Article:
I'd like to make a string substitution in a for block using a named capture. I've expected to get the numbers 1,2,3 as output. But it is Nil for the first run, and then 1 and 2 for the 2nd and 3rd run. How do I use the .subst correctly in the loop construct? I see the same behavior when using a map construct instead the for loop. It does work as expected, if I replace with a fixed string value.

for <a1 b2 c3> -> $var {
    say $var;
    say $var.subst(/.$<nr>=(\d)/, $<nr>); #.subst(/.$<nr>=(\d)/, 'X'); #OK      

This is Rakudo version 2019.11 built on MoarVM version 2019.11   

Use of Nil in string context
  in block  at test3.pl6 line 3

  • I am curious. What is $<nr> ? (I couldn’t find it in the raku documentation.) – p6steve Jan 28 at 21:44
  • 2
    @p6steve named capture – Valle Lukas Jan 29 at 5:35
  • docs.raku.org/language/… - thanks @valle - found it now! – p6steve Jan 29 at 17:10
  • Perhaps consider using S/// sometimes. In this case you could do S[.$<nr>=(\d)] = $<nr> given $var – Jo King Jan 30 at 3:11
  • @JoKing Nice. I upvoted your comment, then undid the upvote because I realized I wanted to check something (which turned out to not matter), and now SO won't let me reinstate my upvote. So I'm writing this to manually +1 your nice suggestion. I've also integrated it into my answer. – raiph Jan 30 at 16:22

TL;DR Defer evaluation of $<nr> until after evaluation of the regex. @JoKing++ suggests one way. Another is to just wrap the replacement with braces ({$<nr>}).

What happens when your original code calls subst

Before Raku attempts to call the subst routine, it puts together a list of arguments to pass to it.

There are two values. The first is a regex. It does not run. The second value is $<nr>. It evaluates to Nil because, at the start of a program, the current match object variable is bound to something that claims its value is Nil and any attempt to access the value of a key within it -- $<nr> -- also returns Nil. So things have already gone wrong at this point, before subst ever runs.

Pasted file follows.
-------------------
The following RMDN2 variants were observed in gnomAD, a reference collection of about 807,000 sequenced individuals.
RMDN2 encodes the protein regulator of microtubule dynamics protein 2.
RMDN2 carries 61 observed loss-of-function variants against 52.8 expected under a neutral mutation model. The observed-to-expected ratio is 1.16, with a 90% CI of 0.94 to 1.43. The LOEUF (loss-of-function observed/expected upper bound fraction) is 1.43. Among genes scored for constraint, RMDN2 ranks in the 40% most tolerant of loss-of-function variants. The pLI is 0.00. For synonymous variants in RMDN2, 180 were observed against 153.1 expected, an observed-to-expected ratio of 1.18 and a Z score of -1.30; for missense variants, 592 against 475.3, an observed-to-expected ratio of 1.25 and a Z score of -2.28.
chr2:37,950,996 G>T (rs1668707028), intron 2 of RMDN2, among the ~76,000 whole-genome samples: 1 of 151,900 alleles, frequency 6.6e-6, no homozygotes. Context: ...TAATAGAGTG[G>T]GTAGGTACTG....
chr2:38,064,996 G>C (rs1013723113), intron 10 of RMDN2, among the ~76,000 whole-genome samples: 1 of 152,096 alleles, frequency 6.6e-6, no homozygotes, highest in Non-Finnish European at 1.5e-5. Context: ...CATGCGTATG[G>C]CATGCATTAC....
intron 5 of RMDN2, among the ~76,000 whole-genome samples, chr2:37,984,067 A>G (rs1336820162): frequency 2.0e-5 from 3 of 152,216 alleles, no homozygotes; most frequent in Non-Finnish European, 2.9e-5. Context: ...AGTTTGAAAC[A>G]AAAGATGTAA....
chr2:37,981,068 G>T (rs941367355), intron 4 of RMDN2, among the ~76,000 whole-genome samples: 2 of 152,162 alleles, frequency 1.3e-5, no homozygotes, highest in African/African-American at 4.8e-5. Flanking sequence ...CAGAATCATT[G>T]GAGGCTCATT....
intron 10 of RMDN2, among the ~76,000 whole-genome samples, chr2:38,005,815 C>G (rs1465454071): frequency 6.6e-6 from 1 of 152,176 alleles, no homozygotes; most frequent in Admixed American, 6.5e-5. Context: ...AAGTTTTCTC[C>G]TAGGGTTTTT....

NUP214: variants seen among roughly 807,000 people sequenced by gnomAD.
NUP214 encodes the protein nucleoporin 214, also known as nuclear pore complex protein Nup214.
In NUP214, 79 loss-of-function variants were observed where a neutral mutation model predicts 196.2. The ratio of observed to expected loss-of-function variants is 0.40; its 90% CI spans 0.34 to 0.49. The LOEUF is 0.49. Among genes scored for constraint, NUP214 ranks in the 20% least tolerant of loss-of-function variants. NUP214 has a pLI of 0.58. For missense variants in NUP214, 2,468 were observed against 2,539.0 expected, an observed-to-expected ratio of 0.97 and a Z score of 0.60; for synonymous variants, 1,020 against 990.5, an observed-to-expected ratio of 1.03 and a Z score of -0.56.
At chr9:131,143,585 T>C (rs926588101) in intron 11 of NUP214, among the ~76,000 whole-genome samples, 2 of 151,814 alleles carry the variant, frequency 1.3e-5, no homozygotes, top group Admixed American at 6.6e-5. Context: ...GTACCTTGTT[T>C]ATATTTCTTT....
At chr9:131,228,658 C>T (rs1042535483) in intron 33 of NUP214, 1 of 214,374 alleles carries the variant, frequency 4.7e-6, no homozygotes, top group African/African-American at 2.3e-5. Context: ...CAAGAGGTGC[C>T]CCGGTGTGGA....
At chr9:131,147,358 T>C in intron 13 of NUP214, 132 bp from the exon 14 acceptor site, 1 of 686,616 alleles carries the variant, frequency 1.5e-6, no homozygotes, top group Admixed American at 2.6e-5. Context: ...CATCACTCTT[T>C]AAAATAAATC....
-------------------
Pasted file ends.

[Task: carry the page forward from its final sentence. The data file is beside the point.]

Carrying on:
Once Raku has assembled this list of arguments, it attempts to call subst. It succeeds, and subst runs.

To get the next match, subst runs the regex. This updates the current match object variable $/. But it's too late to make any difference to the substitution value that has already been passed to subst.

With match in hand, subst next looks at the substitution argument. It finds it's Nil and acts accordingly.

For the second call of subst, $<nr> has taken on the value from the first call of subst. And so on.

Two ways to defer evaluation of $<nr>

@JoKing suggests considering use of S///. This construct evaluates the regex (between the first pair of /s) first, then the replacement (between the last pair of /s). (The same principle applies if you use other valid S syntaxes like S[...] = ....)

If you use subst, then, as explained in the previous section, Raku puts together the argument list for it before calling it. It finds a regex (which it does not run) and a closure (which it does not run either). It then attempts to call subst with those arguments and succeeds in doing so.

Next, subst starts running. It has received code for both the match (a regex) and the substitution (a closure).

It runs the regex as the matching operation. If the regex returns a match then subst runs the closure and uses the value it returns as the substitution.

Thus, because we switched from passing $<nr> as a naked value, which meant it got frozen into Nil, to passing it wrapped in a closure, which deferred its evaluation until $/ had been set to a match with a populated <nr> entry, we solved the problem.

Note that this only works because whoever designed/implemented subst was smart/nice enough to allow both the match and substitution arguments to be forms of Code (a regex for the match and ordinary closure for the substitution) if a user wants that. It then runs the match first and only then runs the substitution closure if it's been passed one, using the result of that latter call as the final substitution. Similarly, S/// works because that has been designed to only evaluate the replacement after it's first evaluated the substitution.

Your Answer

By clicking “Post Your Answer”, you agree to our terms of service, privacy policy and cookie policy

Not the answer you're looking for? Browse other questions tagged or ask your own question.